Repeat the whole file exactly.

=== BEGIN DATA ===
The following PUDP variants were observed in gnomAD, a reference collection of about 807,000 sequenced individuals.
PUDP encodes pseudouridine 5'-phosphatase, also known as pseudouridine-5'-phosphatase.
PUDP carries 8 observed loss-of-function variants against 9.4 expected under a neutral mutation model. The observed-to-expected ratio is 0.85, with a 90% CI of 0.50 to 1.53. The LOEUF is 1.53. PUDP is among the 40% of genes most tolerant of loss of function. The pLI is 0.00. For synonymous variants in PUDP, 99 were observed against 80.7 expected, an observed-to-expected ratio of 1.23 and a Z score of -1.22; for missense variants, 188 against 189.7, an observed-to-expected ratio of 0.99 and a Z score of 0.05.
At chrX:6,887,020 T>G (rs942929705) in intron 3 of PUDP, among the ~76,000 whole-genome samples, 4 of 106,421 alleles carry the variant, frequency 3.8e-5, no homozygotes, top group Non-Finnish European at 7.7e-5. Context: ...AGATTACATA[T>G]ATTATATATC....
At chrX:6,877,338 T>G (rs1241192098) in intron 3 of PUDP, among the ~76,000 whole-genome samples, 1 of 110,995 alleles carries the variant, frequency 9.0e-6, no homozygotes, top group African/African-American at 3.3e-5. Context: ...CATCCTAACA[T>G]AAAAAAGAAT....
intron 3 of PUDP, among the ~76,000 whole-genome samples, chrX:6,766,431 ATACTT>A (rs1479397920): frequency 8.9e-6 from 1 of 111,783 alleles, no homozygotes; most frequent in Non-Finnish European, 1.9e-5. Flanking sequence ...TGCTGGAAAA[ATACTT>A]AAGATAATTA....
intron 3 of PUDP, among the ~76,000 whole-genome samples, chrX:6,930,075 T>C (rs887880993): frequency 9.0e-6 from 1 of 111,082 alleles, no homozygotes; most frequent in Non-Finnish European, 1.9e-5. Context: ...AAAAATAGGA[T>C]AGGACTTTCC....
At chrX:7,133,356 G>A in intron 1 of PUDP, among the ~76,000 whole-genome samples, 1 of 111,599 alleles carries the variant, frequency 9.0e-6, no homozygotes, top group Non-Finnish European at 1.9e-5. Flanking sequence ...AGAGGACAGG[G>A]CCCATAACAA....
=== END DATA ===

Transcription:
The following PUDP variants were observed in gnomAD, a reference collection of about 807,000 sequenced individuals.
PUDP encodes pseudouridine 5'-phosphatase, also known as pseudouridine-5'-phosphatase.
PUDP carries 8 observed loss-of-function variants against 9.4 expected under a neutral mutation model. The observed-to-expected ratio is 0.85, with a 90% CI of 0.50 to 1.53. The LOEUF is 1.53. PUDP is among the 40% of genes most tolerant of loss of function. The pLI is 0.00. For synonymous variants in PUDP, 99 were observed against 80.7 expected, an observed-to-expected ratio of 1.23 and a Z score of -1.22; for missense variants, 188 against 189.7, an observed-to-expected ratio of 0.99 and a Z score of 0.05.
At chrX:6,887,020 T>G (rs942929705) in intron 3 of PUDP, among the ~76,000 whole-genome samples, 4 of 106,421 alleles carry the variant, frequency 3.8e-5, no homozygotes, top group Non-Finnish European at 7.7e-5. Context: ...AGATTACATA[T>G]ATTATATATC....
At chrX:6,877,338 T>G (rs1241192098) in intron 3 of PUDP, among the ~76,000 whole-genome samples, 1 of 110,995 alleles carries the variant, frequency 9.0e-6, no homozygotes, top group African/African-American at 3.3e-5. Context: ...CATCCTAACA[T>G]AAAAAAGAAT....
intron 3 of PUDP, among the ~76,000 whole-genome samples, chrX:6,766,431 ATACTT>A (rs1479397920): frequency 8.9e-6 from 1 of 111,783 alleles, no homozygotes; most frequent in Non-Finnish European, 1.9e-5. Flanking sequence ...TGCTGGAAAA[ATACTT>A]AAGATAATTA....
intron 3 of PUDP, among the ~76,000 whole-genome samples, chrX:6,930,075 T>C (rs887880993): frequency 9.0e-6 from 1 of 111,082 alleles, no homozygotes; most frequent in Non-Finnish European, 1.9e-5. Context: ...AAAAATAGGA[T>C]AGGACTTTCC....
At chrX:7,133,356 G>A in intron 1 of PUDP, among the ~76,000 whole-genome samples, 1 of 111,599 alleles carries the variant, frequency 9.0e-6, no homozygotes, top group Non-Finnish European at 1.9e-5. Flanking sequence ...AGAGGACAGG[G>A]CCCATAACAA....